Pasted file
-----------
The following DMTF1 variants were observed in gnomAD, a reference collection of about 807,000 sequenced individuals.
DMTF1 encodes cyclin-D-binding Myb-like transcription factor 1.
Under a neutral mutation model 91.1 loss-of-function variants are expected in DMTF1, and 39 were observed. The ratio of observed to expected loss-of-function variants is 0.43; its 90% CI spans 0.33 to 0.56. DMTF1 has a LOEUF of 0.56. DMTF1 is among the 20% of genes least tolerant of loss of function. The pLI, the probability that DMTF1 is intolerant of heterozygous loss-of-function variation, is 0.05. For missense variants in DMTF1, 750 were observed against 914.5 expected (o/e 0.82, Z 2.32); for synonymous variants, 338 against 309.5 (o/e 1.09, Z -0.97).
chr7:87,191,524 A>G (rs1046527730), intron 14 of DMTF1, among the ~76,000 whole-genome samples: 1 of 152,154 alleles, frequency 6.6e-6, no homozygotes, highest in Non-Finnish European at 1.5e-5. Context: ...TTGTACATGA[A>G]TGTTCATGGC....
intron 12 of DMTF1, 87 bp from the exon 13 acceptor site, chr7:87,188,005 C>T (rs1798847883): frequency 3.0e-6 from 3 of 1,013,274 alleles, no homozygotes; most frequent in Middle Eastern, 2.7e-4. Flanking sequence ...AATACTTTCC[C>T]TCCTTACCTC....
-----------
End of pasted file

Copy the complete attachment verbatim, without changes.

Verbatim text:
The following DMTF1 variants were observed in gnomAD, a reference collection of about 807,000 sequenced individuals.
DMTF1 encodes cyclin-D-binding Myb-like transcription factor 1.
Under a neutral mutation model 91.1 loss-of-function variants are expected in DMTF1, and 39 were observed. The ratio of observed to expected loss-of-function variants is 0.43; its 90% CI spans 0.33 to 0.56. DMTF1 has a LOEUF of 0.56. DMTF1 is among the 20% of genes least tolerant of loss of function. The pLI, the probability that DMTF1 is intolerant of heterozygous loss-of-function variation, is 0.05. For missense variants in DMTF1, 750 were observed against 914.5 expected (o/e 0.82, Z 2.32); for synonymous variants, 338 against 309.5 (o/e 1.09, Z -0.97).
chr7:87,191,524 A>G (rs1046527730), intron 14 of DMTF1, among the ~76,000 whole-genome samples: 1 of 152,154 alleles, frequency 6.6e-6, no homozygotes, highest in Non-Finnish European at 1.5e-5. Context: ...TTGTACATGA[A>G]TGTTCATGGC....
intron 12 of DMTF1, 87 bp from the exon 13 acceptor site, chr7:87,188,005 C>T (rs1798847883): frequency 3.0e-6 from 3 of 1,013,274 alleles, no homozygotes; most frequent in Middle Eastern, 2.7e-4. Flanking sequence ...AATACTTTCC[C>T]TCCTTACCTC....